Protecting Water Resources
Protect water quality in my community
New Hampshire’s water resources provide numerous public benefits to both residents and visitors. Water quality is an issue that gets people's attention. In survey after survey, concerned citizens state that maintaining clean and safe water for drinking, recreation and businesses is of paramount importance. Conservation commissions in New Hampshire have chosen to approach this goal in many ways. Educating the public about the importance of protecting our wetlands and drinking water sources through land conservation projects and local regulations. Commissions often work closely with local lake associations and NH Department of Environmental Services as volunteers with Volunteer Lake Assessment Program and the River Assessment Program. Identifying water resources like high value wetlands, drinking water sources and aquafers in your Natural Resource Inventory is the first step in education and protection.
Wetlands are an important part of New Hampshire's environment and play crucial roles including maintaining water quality, providing habitat for many plants and animals, providing flood storage, and filtering sediments and excess nutrients from groundwater. Wetlands also provide us with numerous recreational activities such as hunting, fishing, bird and wildlife viewing, and canoeing. No part of our landscape provides so many benefits at so little cost to the public.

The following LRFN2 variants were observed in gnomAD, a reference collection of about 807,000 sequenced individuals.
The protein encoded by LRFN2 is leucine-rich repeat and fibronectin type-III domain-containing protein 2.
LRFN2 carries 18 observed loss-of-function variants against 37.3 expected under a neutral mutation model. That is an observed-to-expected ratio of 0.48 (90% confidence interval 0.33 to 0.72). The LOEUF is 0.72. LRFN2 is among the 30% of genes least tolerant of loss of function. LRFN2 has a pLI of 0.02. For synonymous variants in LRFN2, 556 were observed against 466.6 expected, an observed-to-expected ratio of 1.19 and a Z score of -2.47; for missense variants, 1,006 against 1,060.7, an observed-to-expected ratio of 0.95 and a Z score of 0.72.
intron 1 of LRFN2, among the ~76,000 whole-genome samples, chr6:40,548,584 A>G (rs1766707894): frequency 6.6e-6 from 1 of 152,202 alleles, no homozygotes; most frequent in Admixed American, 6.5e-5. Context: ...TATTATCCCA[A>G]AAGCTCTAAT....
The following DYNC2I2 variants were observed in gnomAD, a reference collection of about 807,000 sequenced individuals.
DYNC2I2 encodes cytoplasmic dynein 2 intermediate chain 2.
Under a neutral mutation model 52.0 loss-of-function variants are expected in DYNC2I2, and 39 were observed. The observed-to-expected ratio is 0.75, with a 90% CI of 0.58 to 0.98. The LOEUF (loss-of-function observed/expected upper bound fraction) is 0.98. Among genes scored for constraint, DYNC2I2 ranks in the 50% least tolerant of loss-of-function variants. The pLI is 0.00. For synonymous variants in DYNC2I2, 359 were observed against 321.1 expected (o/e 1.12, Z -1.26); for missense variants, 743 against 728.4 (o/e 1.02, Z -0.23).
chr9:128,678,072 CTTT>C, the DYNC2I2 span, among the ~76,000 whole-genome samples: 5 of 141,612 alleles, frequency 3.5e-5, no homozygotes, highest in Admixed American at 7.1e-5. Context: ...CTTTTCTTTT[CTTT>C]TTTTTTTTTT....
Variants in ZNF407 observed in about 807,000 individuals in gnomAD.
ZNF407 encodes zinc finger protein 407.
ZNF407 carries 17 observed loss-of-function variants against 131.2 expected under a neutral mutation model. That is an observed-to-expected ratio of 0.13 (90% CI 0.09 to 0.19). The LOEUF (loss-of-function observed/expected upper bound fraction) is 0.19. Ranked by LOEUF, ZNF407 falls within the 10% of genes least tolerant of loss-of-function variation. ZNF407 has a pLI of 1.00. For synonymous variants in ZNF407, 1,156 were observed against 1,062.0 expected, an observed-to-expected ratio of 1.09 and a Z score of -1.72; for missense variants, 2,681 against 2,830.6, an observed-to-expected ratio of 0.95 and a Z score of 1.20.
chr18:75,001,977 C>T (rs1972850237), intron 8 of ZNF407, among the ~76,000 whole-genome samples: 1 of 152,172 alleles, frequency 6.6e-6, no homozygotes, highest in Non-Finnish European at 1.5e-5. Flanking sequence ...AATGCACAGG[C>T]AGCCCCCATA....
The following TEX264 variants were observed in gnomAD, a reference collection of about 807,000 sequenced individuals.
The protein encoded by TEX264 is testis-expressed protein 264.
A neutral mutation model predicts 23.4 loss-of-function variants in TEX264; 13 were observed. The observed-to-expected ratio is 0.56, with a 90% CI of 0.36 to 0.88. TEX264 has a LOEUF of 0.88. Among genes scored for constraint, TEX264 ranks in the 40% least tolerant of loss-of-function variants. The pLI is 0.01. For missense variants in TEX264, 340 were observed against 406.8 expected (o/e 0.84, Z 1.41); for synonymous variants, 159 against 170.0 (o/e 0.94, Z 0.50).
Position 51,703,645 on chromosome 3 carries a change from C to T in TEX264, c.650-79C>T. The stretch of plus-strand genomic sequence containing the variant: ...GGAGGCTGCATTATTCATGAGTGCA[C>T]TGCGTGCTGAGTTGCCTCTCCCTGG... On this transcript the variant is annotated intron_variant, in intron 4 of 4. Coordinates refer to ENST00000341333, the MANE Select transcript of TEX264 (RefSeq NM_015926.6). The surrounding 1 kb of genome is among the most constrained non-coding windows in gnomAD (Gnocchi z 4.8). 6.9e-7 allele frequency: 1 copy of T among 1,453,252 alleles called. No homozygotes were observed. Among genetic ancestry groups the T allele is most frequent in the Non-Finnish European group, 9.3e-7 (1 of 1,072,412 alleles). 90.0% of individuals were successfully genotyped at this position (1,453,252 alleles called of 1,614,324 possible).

Only a conservation commission has the power to “intervene”, or provide comments on an application to the NH Wetlands Bureau to allow for local review of the proposal. A conservation commission should, but is not required to, participate in the fill and dredge permit process. Bear in mind that Wetlands Bureau staff is familiar with many, but not all, NH wetlands. If a commission does not look at the site of a proposed project, it may not be inspected.
The three most commonly used permit applications by the State of New Hampshire, Department of Environmental Services (DES) are the Permit-By-Notification (PBN) Application, the Minimum Impact Expedited (EXP) Application and the Standard Dredge and Fill Application, each with its own filing process and timetable.
Before you get started, review RSA 482-A so that you are familiar with the state laws regulating Fill and Dredge in Wetlands. You can find more information on the permitting process in the NH DES Wetlands Rules CHAPTER Env-Wt 300 PERMITS AND OTHER AUTHORIZATIONS; CONDITIONS APPLICABLE TO ALL WORK IN JURISDICTIONAL AREAS.